On January 9, 1980, a Bronx County grand jury returned an indictment charging Bentley with (1) attempted murder in the second degree, (2) criminal possession of a weapon in the second degree and fourth degree, (3) reckless endangerment in the first degree, and (4) criminal possession of a controlled substance in the second degree. The State introduced detailed evidence at trial concerning the ballistics of the alleged weapon, the drugs recovered from the garage rooftop, and Bunyarko's eyewitness identification of Bentley as his assailant. During summation the prosecutor made the following comments:
He pops a shot at him and tries to kill him. And then he realized how stupid and he runs upstairs and that's when the thinking starts setting in. Remember the testimony Joseph said that one of them was on the phone to the lawyer about not searching the apartment. Very smart.
Did you notice that the gun, the nine millimeter had no powder residue, no discharge? He cleaned it. Very smart. The other guns, the two of them had evidence of discharge. Isn't that curious? The other two guns are dirty. Yet this one particular gun is cleaned. That's another thing I thought counsel might hit on. How do you know this gun was fired? It was recovered fully loaded, therefore it couldn't have been fired? Surprised he didn't mention that. Roosevelt had a lot of nine millimeter ammunition. He reloaded the gun. So when it was found it was no evidence of discharge. There was no round of ammunition missing.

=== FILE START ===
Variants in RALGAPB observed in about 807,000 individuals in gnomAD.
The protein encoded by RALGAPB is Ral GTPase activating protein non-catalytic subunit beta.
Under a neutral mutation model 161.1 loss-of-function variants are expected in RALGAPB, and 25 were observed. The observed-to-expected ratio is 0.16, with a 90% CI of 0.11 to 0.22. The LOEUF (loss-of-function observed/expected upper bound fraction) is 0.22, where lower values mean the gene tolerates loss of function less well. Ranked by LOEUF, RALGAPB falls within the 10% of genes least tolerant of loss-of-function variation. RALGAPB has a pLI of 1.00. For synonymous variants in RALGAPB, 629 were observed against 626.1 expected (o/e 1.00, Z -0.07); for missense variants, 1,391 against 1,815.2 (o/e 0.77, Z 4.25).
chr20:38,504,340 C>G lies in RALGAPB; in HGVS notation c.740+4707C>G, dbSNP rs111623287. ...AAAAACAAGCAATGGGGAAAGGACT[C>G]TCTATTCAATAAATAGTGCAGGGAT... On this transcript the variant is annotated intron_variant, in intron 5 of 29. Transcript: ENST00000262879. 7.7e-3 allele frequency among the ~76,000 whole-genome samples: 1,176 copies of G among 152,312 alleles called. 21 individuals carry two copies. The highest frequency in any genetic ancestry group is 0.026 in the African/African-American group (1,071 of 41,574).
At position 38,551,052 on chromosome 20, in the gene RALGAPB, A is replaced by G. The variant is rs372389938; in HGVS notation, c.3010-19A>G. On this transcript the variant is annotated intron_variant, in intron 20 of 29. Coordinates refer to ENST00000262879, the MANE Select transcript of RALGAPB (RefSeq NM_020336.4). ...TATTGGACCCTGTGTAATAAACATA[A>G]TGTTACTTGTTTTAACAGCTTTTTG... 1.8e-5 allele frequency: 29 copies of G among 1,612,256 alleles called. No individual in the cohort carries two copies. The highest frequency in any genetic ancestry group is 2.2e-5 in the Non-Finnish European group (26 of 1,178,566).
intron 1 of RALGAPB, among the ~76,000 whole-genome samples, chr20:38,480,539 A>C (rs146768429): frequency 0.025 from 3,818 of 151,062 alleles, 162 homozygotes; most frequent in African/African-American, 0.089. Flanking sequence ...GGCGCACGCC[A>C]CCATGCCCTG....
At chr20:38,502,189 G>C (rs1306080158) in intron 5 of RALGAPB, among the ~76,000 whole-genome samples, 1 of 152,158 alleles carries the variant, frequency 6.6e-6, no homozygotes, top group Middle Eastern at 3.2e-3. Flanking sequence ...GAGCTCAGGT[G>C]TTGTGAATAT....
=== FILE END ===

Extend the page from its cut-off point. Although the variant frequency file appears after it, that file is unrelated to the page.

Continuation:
Very intelligent act and very deliberate; the very same type of man is calling to a lawyer while the cops are knocking on the door. The same type of man that would jettison everything from the apartment because then you can come in and say hey, nobody saw me with the drugs. How can you accuse me of this? No one saw me drop the drugs.
On February 17, 1982, a jury found Bentley guilty of attempted murder in the second degree and criminal possession of a controlled substance in the second degree. On October 29, 1982, New York State Supreme Court, Bronx County, rendered a judgment of conviction against Bentley and sentenced him to two concurrent prison terms of 12 1/2 to 25 years, both terms consecutive with a previous federal prison sentence. Bentley has since made several attempts in both state and federal court to have his conviction set aside.
The district court opinion details the extensive procedural history of this case in the state courts. Bentley v. Scully, 851 F. Supp. 586 (S.D.N.Y. 1994). The issues presented on this appeal all relate to whether statements made by the prosecutor during summation violated Bentley's Sixth Amendment right to assistance of counsel, depriving him of a fair trial.